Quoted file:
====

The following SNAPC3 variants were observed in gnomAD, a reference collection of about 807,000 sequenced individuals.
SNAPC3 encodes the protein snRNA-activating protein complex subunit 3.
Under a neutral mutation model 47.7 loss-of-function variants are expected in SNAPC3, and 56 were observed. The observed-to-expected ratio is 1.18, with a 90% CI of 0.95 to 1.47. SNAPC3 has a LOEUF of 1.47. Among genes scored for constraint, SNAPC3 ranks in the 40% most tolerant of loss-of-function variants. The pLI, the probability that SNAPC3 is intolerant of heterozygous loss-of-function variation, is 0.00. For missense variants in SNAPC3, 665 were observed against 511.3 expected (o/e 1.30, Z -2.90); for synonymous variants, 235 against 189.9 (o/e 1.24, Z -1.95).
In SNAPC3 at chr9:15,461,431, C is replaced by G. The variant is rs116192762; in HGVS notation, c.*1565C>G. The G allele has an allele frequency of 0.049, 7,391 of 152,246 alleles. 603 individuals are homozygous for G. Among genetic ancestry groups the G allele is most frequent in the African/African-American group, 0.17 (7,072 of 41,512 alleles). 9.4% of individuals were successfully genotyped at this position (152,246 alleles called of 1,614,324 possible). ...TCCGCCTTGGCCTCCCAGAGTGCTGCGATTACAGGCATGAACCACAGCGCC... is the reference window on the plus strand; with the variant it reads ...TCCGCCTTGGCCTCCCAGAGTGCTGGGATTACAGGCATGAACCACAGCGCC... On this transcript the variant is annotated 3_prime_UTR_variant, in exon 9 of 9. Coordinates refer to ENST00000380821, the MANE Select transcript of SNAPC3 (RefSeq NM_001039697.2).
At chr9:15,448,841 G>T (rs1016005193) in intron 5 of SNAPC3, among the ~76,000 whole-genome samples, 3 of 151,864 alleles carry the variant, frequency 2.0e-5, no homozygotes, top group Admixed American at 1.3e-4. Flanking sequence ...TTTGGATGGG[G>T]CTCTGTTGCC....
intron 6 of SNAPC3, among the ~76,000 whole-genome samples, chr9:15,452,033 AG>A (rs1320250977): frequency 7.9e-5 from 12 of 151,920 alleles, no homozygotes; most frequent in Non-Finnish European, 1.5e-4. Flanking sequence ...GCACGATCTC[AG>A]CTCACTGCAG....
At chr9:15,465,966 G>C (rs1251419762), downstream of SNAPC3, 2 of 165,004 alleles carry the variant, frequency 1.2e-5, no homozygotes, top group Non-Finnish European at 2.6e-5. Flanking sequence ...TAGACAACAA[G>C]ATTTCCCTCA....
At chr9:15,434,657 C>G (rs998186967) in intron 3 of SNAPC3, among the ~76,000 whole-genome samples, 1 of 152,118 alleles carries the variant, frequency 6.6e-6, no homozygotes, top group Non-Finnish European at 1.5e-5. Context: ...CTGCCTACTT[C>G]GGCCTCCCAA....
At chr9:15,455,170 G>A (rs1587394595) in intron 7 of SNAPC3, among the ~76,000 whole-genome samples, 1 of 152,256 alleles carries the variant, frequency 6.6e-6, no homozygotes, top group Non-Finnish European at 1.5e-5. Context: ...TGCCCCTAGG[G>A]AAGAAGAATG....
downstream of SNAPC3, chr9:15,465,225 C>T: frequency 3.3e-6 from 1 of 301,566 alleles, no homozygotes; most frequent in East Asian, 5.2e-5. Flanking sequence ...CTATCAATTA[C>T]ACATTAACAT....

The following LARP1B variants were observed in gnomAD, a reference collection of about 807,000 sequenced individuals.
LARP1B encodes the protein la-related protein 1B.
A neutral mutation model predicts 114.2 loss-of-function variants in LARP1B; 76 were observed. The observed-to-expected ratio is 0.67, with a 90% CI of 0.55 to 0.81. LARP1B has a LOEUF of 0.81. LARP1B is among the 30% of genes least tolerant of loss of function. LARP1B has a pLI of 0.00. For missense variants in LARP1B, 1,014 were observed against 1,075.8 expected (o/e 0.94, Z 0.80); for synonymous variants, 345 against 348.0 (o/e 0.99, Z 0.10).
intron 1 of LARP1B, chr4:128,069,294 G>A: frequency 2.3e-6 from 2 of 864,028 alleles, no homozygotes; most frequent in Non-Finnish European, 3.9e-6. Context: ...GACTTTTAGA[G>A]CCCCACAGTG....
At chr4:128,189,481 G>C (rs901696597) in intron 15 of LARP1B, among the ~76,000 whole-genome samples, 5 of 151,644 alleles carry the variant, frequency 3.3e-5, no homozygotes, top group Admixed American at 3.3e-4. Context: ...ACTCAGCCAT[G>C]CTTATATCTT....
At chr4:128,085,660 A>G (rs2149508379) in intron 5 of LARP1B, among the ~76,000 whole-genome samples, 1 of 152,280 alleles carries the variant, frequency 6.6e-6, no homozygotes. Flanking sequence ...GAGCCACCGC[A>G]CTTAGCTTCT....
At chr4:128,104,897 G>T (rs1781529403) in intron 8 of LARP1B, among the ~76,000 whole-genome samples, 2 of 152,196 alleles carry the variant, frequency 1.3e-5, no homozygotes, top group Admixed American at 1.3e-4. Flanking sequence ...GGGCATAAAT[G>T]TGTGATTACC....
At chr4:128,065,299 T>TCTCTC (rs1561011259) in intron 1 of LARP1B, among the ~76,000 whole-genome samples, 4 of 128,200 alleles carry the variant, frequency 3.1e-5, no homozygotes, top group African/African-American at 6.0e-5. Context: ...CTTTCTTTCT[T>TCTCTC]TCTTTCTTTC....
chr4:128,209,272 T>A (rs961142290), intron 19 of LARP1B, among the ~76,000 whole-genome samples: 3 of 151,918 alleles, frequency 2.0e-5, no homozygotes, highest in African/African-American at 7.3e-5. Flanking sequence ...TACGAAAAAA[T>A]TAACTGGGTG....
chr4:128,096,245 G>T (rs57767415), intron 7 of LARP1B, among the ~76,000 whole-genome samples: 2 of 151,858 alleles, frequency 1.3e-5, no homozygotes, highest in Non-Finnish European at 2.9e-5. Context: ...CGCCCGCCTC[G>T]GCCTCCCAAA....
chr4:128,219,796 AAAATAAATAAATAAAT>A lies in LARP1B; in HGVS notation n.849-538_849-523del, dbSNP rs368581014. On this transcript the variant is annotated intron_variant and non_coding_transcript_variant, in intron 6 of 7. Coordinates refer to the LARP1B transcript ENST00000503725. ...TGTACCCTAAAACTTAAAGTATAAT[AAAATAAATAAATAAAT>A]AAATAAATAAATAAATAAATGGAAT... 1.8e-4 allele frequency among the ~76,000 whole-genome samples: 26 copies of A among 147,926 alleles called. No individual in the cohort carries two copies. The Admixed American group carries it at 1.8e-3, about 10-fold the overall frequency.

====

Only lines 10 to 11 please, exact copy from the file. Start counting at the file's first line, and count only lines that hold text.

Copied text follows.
downstream of SNAPC3, chr9:15,465,225 C>T: frequency 3.3e-6 from 1 of 301,566 alleles, no homozygotes; most frequent in East Asian, 5.2e-5. Flanking sequence ...CTATCAATTA[C>T]ACATTAACAT....

The following LARP1B variants were observed in gnomAD, a reference collection of about 807,000 sequenced individuals.